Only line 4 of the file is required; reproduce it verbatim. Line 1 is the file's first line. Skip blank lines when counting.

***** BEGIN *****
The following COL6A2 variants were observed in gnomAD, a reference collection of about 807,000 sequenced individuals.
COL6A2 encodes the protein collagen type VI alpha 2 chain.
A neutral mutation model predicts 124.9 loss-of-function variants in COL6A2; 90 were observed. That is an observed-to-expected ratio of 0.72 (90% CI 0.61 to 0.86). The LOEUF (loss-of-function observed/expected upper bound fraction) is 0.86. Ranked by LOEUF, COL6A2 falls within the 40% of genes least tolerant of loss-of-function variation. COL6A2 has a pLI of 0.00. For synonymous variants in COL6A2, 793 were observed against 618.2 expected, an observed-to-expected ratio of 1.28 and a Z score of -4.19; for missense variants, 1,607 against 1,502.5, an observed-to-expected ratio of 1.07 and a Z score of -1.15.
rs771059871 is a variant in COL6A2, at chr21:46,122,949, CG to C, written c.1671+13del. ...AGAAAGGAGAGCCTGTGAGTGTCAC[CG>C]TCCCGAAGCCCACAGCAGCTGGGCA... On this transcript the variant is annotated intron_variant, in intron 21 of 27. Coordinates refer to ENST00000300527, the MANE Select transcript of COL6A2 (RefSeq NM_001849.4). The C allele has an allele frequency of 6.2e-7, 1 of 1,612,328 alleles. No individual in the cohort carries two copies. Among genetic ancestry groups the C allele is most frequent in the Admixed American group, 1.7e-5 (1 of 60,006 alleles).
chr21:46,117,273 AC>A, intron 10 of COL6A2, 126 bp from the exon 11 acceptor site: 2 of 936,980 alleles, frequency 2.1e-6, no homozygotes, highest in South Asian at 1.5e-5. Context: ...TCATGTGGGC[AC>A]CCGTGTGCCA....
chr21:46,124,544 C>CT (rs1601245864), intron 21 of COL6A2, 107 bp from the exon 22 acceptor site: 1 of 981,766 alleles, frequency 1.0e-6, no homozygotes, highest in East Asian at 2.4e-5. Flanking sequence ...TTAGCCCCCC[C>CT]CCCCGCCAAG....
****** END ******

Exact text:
rs771059871 is a variant in COL6A2, at chr21:46,122,949, CG to C, written c.1671+13del. ...AGAAAGGAGAGCCTGTGAGTGTCAC[CG>C]TCCCGAAGCCCACAGCAGCTGGGCA... On this transcript the variant is annotated intron_variant, in intron 21 of 27. Coordinates refer to ENST00000300527, the MANE Select transcript of COL6A2 (RefSeq NM_001849.4). The C allele has an allele frequency of 6.2e-7, 1 of 1,612,328 alleles. No individual in the cohort carries two copies. Among genetic ancestry groups the C allele is most frequent in the Admixed American group, 1.7e-5 (1 of 60,006 alleles).